Revenues and benefits officers work for local authorities, but not county councils, administering housing benefits, rent, council tax and business rates. While, in some authorities, collecting revenues and dealing with benefits remain two separate jobs, in others they are combined or very closely linked.
Revenues officers usually focus on calculating and collecting rents, council tax and business rates, looking after all the related administrative work. Duties typically include:
Benefits officers calculate and review whether people qualify for housing and council tax benefits. Their duties may include:
Revenues officers use a range of computer systems and software packages. They must keep accurate records of their work.
Local government revenues officers normally work between 35 and 37 hours a week, Monday to Friday. Flexible working arrangements, such as part-time work and job sharing, are often available.
Revenues officers are mainly office based but may spend some time visiting people's homes or businesses. A driving licence can be useful.
Salaries for trainees are likely to be between £14,587 and £15,291 a year. With an IRRV qualification, revenues officers can earn between £16,991 and £18,937 a year.
Senior officers and fraud investigators may earn between £24,000 and £36,000 or more, depending on qualifications and experience.
Although local government revenues officers are paid within a national pay framework, salaries vary according to local grading policies and the size of the local authority. London allowances of £3,266 (inner London), £2,388 (Greater London) and £1,738 (outer London) may be paid on top of salary scales.
There are 433 local councils in the UK, employing over 4,000 revenues officers. Officers are employed by all types of local authorities, except county councils, or by one of the growing number of private companies that are contracted to provide benefits services to local councils. Demand for qualified revenue and benefit officers is high. A few well-qualified revenues officers are self-employed.
Vacancies may be advertised in the local press and in the jobs bulletins and on the websites of individual local authorities. They may also appear in the public sector printed and digital recruitment magazine Opportunities and on public sector employment sites such as www.lgjobs.com and www.jobsgopublic.com. Jobs may also appear on the Institute of Revenues Ratings and Valuations (IRRV) website. Employment agencies sometimes place temporary staff. These contracts may lead to permanent jobs.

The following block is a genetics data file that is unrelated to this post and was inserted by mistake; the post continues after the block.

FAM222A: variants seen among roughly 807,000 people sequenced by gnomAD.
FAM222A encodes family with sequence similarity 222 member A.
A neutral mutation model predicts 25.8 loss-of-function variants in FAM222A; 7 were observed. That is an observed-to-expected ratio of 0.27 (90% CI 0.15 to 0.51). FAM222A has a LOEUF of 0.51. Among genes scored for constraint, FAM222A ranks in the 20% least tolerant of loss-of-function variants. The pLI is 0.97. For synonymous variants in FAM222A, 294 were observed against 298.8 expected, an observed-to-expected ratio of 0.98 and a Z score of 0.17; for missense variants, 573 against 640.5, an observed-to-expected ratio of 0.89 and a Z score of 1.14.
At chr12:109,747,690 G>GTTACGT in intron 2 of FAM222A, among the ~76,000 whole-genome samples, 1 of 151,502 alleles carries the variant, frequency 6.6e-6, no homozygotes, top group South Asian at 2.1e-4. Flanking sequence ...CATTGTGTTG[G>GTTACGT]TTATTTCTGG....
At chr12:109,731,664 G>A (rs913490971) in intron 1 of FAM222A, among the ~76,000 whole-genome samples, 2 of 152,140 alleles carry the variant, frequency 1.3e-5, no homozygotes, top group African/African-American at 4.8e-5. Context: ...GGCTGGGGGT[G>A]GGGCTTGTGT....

There are no set entry requirements. Employers will often seek entrants with computer skills, and previous experience working in a team in an administrative, financial or customer service role.
Some jobs may ask for at least four GCSE's (A*-C) including maths and English. Employers that do not ask for qualifications may instead test skills needed for the job, such as communication, IT and numerical ability.
The Diplomas in business, administration and finance and in public services (from 2010) may be relevant for this area of work.
New entrants generally start with in-house training on benefit rules and specialist computer software packages used, usually supervised by experienced colleagues.
Many employers expect revenues officers to study for qualifications awarded by the Institute of Revenues Rating and Valuation (IRRV), the professional body for people working in local revenues and benefits administration. Courses available include:
Ideally, students need to be working in a local authority setting to undertake these qualifications. Successful completion of any these qualifications can lead to Technician membership of the IRRV (Tech IRRV). The courses can be studied by day release and by distance learning.
The IRRV offers a continuing professional development (CPD) scheme to members in order to keep them up to date with relevant changes in revenues and benefits.
A Level 5 Professional Diploma and Level 6 Honours are aimed at those who wish to progress into senior positions, the entry requirement to the Diploma is an appropriate IRRV qualification at Technician or NVQ/Certificate Level 3.
Candidates wanting to undertake the Honours programme must have passed the preceding level. There are three parts to the Honours programme:
Candidates achieving the Diploma or Honours will be able to use the designation IRRV (Dip) or IRRV (Hons).
As an ambulance technician you would respond to accident and emergency calls, as well as a range of planned and unplanned non-emergency cases. You would usually work in a team, providing support to a paramedic during the assessment, diagnosis and treatment of patients at the scene of an incident and during hospital transfers.
You may use life saving skills as part of your day-to-day work.
A local government revenues officer needs:
There is usually a clearly defined promotion structure with opportunities to become a team leader or department manager or move into other local government financial roles.
Some revenues officers move into financial roles in central government departments such as the Department for Work and Pensions or HM Revenue & Customs (HMRC). The skills acquired can be equally valuable in public sector accountancy or giving advice within voluntary organisations such as the Citizens Advice service.
Institute of Revenues Rating and Valuation (IRRV),
41 Doughty Street, London WC1N 2LF
Tel: 020 7831 3505
Local Government Talent. Website
Additional resources for job seekers and those already in a job.